By Nick Simonson
In the dreamsicle light of dusk on the backwater bay, I led a line of young anglers out onto the snow-covered water in hopes that a few willing crappies would fill the couple of hours between our afternoon of sledding and a planned pizza dinner back at the cabin. The line, however, was longer this time as my oldest son and the three kids of two of my wife’s friends joined me. Among them was my godson, Gavin, and his younger brother, Lincoln, now three years older than when I had last seen them and five years older than when we had last fished together. That pairing was my first trial run as an ice fishing mentor, as Gavin then at age five, and I, sought crappies and bluegills on the ice of a small farm pond west of where I used to live, and his brother joined us for a couple winters thereafter before I moved away.
In the fading sunset, I eyeballed a spot along the channel’s bend against the near shoreline and punched a hole, calling out to Gavin to grab the Vexilar and asking if he remembered how to use it. Assuring me he had plenty of experience since our last fishing trip together, he yelled out a depth of 18 feet as I created a couple more slushy cones in a nearby line and he noted a rise up the channel edge. We popped the hubs out of the oversized thermal tent and set it up, punching holes for bobber rods and kicking out the legs of the bench seat the younger anglers would join us on.
After sliding the shack into place, I set about adjusting the bobber stops on an assortment of rods, keying the dangling minnows to a foot off the bottom in the hole just outside the shack, about the right height from memory from previous seasons spent fishing the bay. I had hoped the success would be similar but was happy just for some ice time with old students and new ones. With each slide of the string and adjustment of foam, Gavin was there to take the rod from my hand and deploy it inside the blue-sided tarp house for the already antsy younger anglers waiting for the evening to begin.
“Remember when I used to do that for you,” I asked him as I handed another rod over, recalling our times on the hardwater of southwestern Minnesota, “and I remember when you made the switch from the float to the Vexilar, watching my spring bobber for a hit from those crappies,” I continued as he chuckled in recognition, running the last of the combos into the icehouse.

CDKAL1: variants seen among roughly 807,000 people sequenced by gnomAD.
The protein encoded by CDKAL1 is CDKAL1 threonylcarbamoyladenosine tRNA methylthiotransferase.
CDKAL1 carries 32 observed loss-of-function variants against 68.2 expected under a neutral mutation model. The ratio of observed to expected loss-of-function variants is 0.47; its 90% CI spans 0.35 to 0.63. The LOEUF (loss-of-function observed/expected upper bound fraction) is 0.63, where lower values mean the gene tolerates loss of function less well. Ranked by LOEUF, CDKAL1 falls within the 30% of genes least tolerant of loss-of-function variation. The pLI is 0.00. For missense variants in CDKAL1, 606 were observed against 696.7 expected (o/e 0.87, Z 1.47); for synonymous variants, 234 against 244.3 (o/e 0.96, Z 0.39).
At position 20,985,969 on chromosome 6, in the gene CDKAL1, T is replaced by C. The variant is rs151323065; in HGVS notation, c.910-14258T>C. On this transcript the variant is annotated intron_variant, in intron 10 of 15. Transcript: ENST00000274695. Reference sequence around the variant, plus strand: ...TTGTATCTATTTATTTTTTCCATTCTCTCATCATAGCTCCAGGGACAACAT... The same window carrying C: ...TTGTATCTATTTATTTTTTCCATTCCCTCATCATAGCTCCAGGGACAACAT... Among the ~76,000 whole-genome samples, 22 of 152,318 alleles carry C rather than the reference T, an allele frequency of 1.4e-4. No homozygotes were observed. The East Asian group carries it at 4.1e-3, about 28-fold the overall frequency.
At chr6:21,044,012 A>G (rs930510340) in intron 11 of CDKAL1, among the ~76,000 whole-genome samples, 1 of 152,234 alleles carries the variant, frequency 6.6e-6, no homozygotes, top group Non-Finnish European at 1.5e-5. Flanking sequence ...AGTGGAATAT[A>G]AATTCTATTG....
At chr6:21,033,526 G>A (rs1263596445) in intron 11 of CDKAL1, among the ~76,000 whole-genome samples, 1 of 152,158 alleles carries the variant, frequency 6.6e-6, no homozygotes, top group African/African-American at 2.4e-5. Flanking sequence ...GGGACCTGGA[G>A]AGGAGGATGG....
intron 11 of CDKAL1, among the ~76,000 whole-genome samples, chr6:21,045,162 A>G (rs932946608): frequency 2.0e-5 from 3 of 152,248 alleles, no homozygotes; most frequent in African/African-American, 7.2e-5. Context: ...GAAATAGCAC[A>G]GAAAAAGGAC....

Making certain my son and his newest angling buddy Kaiden had their bobbers in place, lights properly hung and illuminating the shack for our efforts, I sat next to Gavin and dropped the transducer down alongside his line and set my jig in the adjacent hole. Despite the change in location, the crowd of young anglers with us, and the astounding growth of a kindergartener into a teenager, it all felt so familiar as together we watched the screen and a fish rolled in below my jig and the small spoon he was working. Taken back in time, I recommended a jiggle and pause presentation as the fish rose and I reminded him to watch the tip of his rod as the line engulfed his stalled lure on the screen. The last eyelet jumped, and before I could say “get him,” Gavin set the hook on the fish below.
A green-and-gold crappie came up the hole and he lifted it for the rest in the house to see and completed for me the memory reborn as reality a half decade from our last fishing trip. While the crappie wasn’t quite the foot-long slabs we had come to expect from what he and his brother now refer to as “the secret pond,” it was perhaps the most significant fish of the season for me as the realization that the young angler I had mentored had now become a mentor to others, a solid right-hand-man on the ice when I would likely need to call on him again, and ultimately, a capable sportsman in his own right.
Pushing through the finicky fish that remained, together with Lincoln we helped the two younger ice anglers stave off boredom as we passed the puck of the Vexilar around and showed them the fish moving below, but frustratingly not biting. Up until we received the dinner bell text from the cabin, together we passed on information, experience, and sometimes just the silly stories we had in days gone by of wet boots, stuck trucks, and wild fishing. The fact that Gavin told more stories than I did, and the lone crappie he pulled up was enough to make it one of the most memorable outings of the year, if only for the chance to experience the coming full circle of my efforts and the enduring hope that it will continue turning…in our outdoors.
Featured Photo: Some Things Never Change. The author’s godson, Gavin Schreurs of Russell, Minn. with a crappie from the weekend adventures. Simonson Photo.